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wave-crests, the Goodchild family believed the ship was going down. But on the third day, determined not to drown "like rats in a trap," somehow the girls got their dresses on, staggered up the companionway, plunged into the open air. At last, prostrate in their steamer-chairs, they saw, to their amazement, that the promenade-deck was alive with people apparently in the best of health and spirits.

Some, curled up among cushions and rugs, were gossiping and reading. Others, untroubled by the pitch of the ship, marched round and round. Forward, young girls and youths were merrily playing shuffle-board. The sun shone on the long, olive-colored swells, spread with intricate traceries of foam, that extended to the see-sawing sky-line.

The sisters felt their disgrace. They recalled the fact that all the sea-going heroines of fiction were "splendid sailors." For that matter, could one imagine Cleopatra suffering qualms at Actium, or Helen's fair cheek turning yellow on the voyage to Troy? Yet when a steward presented under Thallie's nose a tray set with cups of fat bouillon, the poor child could not repress a moan of loathing. As she averted her face, the woman in the next chair replaced a full cup on the tray, and brusquely commanded, with a Ger

man accent:

"Take it away, all this stuff, from these young ladies!"

Where had Thalia seen her neighbor before? Could it be Mme. Bertha Linkow, the prima donna?

Yes, it was really she, her abundant blonde tresses pressed down by a modish turban, her wind-whipped cheeks more vivid than on the stage, her physical wholesomeness going out from her like a beneficent aura. And this wonderful personage was talking to Thallie as kindly as if the young girl, too, were a celebrity!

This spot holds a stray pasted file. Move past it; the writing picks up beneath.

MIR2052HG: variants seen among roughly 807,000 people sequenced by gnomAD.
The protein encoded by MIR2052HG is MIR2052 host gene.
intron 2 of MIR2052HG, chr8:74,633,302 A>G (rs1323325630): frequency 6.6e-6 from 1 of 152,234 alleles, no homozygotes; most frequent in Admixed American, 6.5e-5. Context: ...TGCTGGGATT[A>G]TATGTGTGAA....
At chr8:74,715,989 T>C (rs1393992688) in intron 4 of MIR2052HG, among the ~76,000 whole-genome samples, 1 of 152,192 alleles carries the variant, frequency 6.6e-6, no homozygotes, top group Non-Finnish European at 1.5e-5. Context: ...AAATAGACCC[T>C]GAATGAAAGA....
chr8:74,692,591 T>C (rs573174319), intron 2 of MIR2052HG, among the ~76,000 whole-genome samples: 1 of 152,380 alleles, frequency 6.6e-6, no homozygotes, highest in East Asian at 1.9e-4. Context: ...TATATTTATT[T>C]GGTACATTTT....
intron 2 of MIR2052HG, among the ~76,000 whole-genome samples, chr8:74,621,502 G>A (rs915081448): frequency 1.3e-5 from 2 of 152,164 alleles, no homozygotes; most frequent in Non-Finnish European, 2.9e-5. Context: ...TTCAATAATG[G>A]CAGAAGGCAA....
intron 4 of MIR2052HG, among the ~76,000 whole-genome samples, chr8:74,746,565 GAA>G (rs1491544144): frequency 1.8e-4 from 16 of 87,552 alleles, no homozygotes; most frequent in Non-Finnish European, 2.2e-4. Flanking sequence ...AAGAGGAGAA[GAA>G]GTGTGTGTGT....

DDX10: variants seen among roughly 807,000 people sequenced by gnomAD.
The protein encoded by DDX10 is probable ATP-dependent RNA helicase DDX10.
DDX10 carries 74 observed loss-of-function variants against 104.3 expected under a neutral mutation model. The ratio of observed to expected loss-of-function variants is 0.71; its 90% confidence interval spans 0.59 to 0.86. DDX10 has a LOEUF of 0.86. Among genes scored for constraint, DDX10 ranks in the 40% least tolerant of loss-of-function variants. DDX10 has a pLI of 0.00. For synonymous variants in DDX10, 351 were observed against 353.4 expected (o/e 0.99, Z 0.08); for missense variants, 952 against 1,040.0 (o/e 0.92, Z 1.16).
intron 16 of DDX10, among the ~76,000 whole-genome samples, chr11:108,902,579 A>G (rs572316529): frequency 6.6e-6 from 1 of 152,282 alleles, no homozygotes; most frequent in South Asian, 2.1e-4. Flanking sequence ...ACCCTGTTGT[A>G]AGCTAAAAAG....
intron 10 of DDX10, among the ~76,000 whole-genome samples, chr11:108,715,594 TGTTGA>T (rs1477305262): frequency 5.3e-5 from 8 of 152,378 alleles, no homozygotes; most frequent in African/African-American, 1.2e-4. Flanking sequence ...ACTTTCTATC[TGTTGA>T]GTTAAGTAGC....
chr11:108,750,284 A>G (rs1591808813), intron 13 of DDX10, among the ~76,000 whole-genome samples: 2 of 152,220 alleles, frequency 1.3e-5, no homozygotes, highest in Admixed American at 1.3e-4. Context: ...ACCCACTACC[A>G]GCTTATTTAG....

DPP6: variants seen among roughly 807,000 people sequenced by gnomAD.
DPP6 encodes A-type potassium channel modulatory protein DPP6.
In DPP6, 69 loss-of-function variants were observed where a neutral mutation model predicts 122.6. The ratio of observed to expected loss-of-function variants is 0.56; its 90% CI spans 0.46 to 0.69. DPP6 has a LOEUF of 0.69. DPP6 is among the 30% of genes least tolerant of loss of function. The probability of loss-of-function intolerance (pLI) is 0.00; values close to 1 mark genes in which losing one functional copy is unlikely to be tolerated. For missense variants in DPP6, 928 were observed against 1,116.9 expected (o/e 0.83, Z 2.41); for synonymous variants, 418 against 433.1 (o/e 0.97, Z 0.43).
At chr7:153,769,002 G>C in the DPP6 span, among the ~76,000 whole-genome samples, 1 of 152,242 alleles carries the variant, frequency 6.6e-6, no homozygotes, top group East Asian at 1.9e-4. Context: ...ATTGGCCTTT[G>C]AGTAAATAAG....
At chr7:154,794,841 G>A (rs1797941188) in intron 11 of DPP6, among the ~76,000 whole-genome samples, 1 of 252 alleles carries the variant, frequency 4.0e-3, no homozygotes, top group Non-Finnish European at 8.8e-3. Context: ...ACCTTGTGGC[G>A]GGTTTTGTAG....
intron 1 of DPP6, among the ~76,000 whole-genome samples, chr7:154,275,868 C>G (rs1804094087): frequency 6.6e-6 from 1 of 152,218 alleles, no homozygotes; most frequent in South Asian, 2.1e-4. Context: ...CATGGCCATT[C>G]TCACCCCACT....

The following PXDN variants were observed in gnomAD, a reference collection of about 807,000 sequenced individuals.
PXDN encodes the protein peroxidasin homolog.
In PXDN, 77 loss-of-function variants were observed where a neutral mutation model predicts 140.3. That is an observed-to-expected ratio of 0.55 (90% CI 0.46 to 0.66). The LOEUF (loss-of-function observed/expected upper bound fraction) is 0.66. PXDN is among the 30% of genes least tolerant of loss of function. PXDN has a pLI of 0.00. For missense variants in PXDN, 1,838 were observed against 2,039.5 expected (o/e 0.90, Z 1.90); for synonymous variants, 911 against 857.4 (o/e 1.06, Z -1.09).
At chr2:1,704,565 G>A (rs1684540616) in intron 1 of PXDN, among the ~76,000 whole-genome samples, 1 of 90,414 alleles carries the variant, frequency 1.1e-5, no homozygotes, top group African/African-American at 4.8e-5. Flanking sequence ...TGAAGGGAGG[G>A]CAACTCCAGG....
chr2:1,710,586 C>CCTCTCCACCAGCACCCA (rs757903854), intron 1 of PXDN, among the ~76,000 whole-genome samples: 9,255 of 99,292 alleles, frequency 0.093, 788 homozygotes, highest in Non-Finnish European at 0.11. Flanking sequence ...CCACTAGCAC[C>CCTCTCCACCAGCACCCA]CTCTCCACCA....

"I know. I also have prayed the ship to sink. One night when a number-ten storm was brewing, three of us, Mme. Morelli, Mme. Lodbrok, and I, had gone up to the captain's cabin for coffee after

dinner. All at once, platsch! and that number-ten storm was present! And we three? Ha, there was little talk of escaping then to our proper rooms! We lay where we found ourselves, and rolled and rolled, and now and then groaned, 'Art thou still alive, Luisa?' 'Art thou still alive, Regne?' The captain, of course, was on the bridge, defying the storm. But you may believe he did not get back his cabin till that business was over. So now I always try to engage the captain's room for myself. It is more considerate, nicht wahr?"

"But that," ventured Thallie, timidly, "was a bigger storm than this one." Mme. Linkow's eyes started to twinkle, but she saved her solemnity.

"Well, perhaps a little bigger, my dear."

Now Aglaia and Frossie were staring, their misery half forgotten. The prima donna embraced the three, so to speak, with a maternal smile.

"See how you are, from this fine air, already better becoming! And the-the storm is calming down every minute. So! Presently I shall prescribe a walk on the deck."

That afternoon, indeed, the sisters did manage to walk the deck with Mme. Linkow.

They could hardly convince themselves that this rare distinction was theirs. They could not help looking askance at those they passed, to see if others appreciated the company they were in. And every moment they were amazed afresh to find that the great Mme. Linkow was not unlike other mortals. Presently she declared:

"As for me, I like what I like. You, as it happened, I liked no sooner I saw you the day we sailed. "Those three beautiful shades of red hair,' I said to myself, and those three young faces, all alike, yet all so different!' Therefore I had the chairs of an awful family removed from alongside of mine, and your chairs put in their places." She uttered a clear peal of laughter in recalling that trick. "You see, anything that interests